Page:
The lakes are full of water (obviously)… and Ontario is cold during the winters… so the lakes should freeze over in the wintertime, right? Not quite! Read on to learn all about ice, ice baby.
The short answer? No, not completely. The lakes are so vast that it is very rare for them to entirely freeze over. Yet we do see substantial ice coverage on the Great Lakes, with large sections of the lake freezing over in the coldest months.
Since water takes longer to warm up or cool down compared to land, the Great Lakes usually begin freezing in late December to early January. They usually reach their peak freeze by the end of February or early March.
Since the early 1970s, the Great Lakes have a long-term average of 55% ice coverage with certain areas reliably freezing over. In that time, the lakes have surpassed 80% ice coverage a mere five times. The lowest ice coverage was in 2002 when ice coverage was only 9.5%.
The last time that Lake Superior almost entirely froze over was in 1979 when the lake reached 94.7% ice coverage.
Records show that Lake Michigan and Lake Ontario are the only lakes to have resisted freezing over since recording began in the early 1900s. This is due to their lower latitudes and large depths. The deep lakes provide massive heat storage and allow the lakes to better resist freezing.
Since the 1970s, ice coverage has generally decreased. However, we did experience one brutal winter in 2013/2014. That frigid year, the Great Lakes together reached 92% ice coverage, during which Lake Erie and the Straits of Mackinac (the region between Lakes Michigan and Huron) completely froze over and Lakes Huron and Superior nearly froze over. But this is an anomaly. Temperatures over the last few decades have generally increased, and we are unlikely to see a repeat performance of that deep freeze any time soon.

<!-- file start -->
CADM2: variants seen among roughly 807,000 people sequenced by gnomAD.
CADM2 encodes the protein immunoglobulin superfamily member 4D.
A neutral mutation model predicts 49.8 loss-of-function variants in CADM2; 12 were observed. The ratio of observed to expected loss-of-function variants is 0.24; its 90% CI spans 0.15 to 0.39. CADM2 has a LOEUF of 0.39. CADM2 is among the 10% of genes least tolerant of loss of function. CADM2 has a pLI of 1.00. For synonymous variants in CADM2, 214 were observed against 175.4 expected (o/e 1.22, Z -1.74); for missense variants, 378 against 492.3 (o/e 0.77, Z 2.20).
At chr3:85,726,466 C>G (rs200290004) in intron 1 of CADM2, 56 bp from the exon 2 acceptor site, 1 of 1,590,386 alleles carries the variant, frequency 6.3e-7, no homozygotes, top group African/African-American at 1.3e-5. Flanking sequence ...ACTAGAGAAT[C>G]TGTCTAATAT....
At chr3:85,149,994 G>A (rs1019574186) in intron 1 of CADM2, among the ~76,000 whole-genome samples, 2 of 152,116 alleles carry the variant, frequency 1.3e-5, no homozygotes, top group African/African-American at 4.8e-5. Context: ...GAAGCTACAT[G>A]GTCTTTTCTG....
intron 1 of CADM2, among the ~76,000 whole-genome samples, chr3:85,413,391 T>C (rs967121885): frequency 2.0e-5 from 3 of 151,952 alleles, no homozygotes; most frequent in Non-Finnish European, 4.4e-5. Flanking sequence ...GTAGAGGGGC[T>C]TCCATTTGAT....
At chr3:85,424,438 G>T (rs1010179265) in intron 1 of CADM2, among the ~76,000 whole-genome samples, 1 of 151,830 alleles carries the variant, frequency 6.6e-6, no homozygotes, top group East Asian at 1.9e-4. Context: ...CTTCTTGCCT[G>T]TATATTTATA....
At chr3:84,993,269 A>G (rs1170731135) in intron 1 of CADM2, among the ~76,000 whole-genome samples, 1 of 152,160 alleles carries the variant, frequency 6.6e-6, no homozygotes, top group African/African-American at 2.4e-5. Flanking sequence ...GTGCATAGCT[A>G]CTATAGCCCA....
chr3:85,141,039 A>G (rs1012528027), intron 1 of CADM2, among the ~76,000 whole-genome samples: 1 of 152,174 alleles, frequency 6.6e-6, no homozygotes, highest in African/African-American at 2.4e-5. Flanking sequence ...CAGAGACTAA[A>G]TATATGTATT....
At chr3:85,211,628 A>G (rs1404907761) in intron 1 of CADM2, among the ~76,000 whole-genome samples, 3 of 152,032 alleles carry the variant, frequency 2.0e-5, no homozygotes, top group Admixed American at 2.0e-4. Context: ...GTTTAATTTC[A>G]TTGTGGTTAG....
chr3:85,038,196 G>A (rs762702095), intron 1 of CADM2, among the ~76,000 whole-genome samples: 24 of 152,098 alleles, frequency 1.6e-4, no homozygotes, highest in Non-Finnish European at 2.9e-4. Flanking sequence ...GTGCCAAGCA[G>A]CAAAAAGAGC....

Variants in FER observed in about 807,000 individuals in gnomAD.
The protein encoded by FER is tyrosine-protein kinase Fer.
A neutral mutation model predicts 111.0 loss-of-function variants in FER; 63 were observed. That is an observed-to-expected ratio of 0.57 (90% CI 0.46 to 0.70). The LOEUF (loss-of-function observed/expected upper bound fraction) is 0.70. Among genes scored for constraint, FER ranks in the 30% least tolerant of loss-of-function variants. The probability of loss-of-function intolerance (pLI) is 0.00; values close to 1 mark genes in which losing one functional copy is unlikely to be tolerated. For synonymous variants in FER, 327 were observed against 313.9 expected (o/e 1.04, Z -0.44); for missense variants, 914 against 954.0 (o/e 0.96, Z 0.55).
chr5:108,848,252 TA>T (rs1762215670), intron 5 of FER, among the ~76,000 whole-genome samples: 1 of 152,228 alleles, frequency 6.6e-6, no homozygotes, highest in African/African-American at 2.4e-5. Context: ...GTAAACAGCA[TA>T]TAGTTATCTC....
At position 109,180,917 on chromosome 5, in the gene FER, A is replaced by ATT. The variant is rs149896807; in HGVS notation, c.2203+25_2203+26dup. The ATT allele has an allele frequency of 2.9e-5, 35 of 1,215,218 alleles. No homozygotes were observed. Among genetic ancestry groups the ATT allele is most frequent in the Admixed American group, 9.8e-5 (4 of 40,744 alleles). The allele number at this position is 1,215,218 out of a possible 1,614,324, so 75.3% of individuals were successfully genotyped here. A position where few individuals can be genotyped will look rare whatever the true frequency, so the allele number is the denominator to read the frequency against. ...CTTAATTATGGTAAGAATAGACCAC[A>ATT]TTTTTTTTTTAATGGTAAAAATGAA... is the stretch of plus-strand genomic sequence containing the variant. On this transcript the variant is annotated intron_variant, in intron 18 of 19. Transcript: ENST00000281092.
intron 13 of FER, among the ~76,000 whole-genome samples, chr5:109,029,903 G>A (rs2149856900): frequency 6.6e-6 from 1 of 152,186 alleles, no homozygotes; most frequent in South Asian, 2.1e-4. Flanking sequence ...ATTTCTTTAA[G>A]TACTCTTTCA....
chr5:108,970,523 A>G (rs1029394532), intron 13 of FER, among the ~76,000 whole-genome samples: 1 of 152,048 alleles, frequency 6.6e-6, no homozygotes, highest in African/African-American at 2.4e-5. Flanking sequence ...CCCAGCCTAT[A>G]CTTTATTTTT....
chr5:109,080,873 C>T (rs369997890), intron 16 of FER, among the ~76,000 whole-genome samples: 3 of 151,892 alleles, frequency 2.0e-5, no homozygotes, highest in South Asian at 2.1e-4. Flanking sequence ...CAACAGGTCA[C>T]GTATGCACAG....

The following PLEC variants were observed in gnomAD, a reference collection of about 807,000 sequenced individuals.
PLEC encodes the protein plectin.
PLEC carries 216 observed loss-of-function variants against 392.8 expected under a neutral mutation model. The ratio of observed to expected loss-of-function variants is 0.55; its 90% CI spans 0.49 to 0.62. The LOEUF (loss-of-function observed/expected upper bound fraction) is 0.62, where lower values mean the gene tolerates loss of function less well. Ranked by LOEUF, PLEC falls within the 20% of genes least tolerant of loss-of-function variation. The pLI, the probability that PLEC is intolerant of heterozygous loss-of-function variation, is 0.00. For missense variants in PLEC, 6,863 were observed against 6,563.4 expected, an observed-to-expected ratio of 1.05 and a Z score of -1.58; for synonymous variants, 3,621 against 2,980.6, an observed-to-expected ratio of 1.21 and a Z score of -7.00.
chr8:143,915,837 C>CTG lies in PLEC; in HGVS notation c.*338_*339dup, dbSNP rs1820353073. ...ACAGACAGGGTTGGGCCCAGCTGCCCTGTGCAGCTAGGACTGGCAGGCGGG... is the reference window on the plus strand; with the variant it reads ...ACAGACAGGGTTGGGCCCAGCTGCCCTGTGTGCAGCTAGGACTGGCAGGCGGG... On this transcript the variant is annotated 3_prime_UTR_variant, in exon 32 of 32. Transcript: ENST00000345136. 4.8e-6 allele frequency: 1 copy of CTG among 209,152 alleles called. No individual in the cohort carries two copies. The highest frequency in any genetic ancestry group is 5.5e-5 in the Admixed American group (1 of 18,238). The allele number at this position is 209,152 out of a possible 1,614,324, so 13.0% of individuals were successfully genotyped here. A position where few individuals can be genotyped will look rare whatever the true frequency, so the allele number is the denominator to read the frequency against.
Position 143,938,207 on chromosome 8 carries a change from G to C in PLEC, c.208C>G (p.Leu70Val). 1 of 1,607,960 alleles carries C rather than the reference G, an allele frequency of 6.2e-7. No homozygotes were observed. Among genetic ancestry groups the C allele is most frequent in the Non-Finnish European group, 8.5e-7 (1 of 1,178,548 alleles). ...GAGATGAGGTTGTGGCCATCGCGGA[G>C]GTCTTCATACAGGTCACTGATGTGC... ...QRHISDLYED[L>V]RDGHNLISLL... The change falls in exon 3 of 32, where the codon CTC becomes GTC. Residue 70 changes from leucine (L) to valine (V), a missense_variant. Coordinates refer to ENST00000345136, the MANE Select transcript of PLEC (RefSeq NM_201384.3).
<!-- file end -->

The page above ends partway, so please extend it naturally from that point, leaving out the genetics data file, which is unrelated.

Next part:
Since the early 1970s the annual average ice coverage on the great lakes has decreased by an astonishing 71%. Due to climate change, snow and ice depth have decreased on both the lakes and on land. This reduction in ice leaves the lakes uncovered and free to evaporate. And if you have read our article all about snow, you will know that when the lakes are warmer and water evaporates, the cold wind sweeps in and results in dense lake-effect precipitation. In other words, less ice coverage could mean heavier snow dumpings on land.
It is likely that the Great Lakes’ ice levels will continue to decrease in the coming years and we could see quite the shift in our usual winter weather.
For more information on snow in the Great Lakes region, click here.
For an up-to-date forecast of the Great Lakes ice coverage, click here.
To view historic ice coverage, click here.